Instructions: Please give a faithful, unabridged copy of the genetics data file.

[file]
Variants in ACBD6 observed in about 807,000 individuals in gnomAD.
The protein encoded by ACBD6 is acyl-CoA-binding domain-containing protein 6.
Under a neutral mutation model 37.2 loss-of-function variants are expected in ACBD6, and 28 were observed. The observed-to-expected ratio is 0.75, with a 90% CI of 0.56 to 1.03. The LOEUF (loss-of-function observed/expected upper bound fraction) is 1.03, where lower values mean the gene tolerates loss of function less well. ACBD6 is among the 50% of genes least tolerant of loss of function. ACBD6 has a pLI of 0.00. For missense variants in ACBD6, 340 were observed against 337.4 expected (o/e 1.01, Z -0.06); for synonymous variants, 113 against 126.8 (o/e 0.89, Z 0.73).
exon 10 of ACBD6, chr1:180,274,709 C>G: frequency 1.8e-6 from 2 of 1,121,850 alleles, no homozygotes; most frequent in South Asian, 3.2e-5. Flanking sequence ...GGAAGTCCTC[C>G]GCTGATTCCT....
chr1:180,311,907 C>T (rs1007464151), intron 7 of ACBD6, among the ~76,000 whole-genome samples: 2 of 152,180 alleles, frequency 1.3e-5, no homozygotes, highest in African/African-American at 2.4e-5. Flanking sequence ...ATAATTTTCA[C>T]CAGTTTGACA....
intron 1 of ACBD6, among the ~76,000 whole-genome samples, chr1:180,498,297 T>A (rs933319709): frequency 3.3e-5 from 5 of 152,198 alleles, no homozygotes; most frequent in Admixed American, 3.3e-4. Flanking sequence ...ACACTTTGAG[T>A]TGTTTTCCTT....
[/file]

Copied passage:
Variants in ACBD6 observed in about 807,000 individuals in gnomAD.
The protein encoded by ACBD6 is acyl-CoA-binding domain-containing protein 6.
Under a neutral mutation model 37.2 loss-of-function variants are expected in ACBD6, and 28 were observed. The observed-to-expected ratio is 0.75, with a 90% CI of 0.56 to 1.03. The LOEUF (loss-of-function observed/expected upper bound fraction) is 1.03, where lower values mean the gene tolerates loss of function less well. ACBD6 is among the 50% of genes least tolerant of loss of function. ACBD6 has a pLI of 0.00. For missense variants in ACBD6, 340 were observed against 337.4 expected (o/e 1.01, Z -0.06); for synonymous variants, 113 against 126.8 (o/e 0.89, Z 0.73).
exon 10 of ACBD6, chr1:180,274,709 C>G: frequency 1.8e-6 from 2 of 1,121,850 alleles, no homozygotes; most frequent in South Asian, 3.2e-5. Flanking sequence ...GGAAGTCCTC[C>G]GCTGATTCCT....
chr1:180,311,907 C>T (rs1007464151), intron 7 of ACBD6, among the ~76,000 whole-genome samples: 2 of 152,180 alleles, frequency 1.3e-5, no homozygotes, highest in African/African-American at 2.4e-5. Flanking sequence ...ATAATTTTCA[C>T]CAGTTTGACA....
intron 1 of ACBD6, among the ~76,000 whole-genome samples, chr1:180,498,297 T>A (rs933319709): frequency 3.3e-5 from 5 of 152,198 alleles, no homozygotes; most frequent in Admixed American, 3.3e-4. Flanking sequence ...ACACTTTGAG[T>A]TGTTTTCCTT....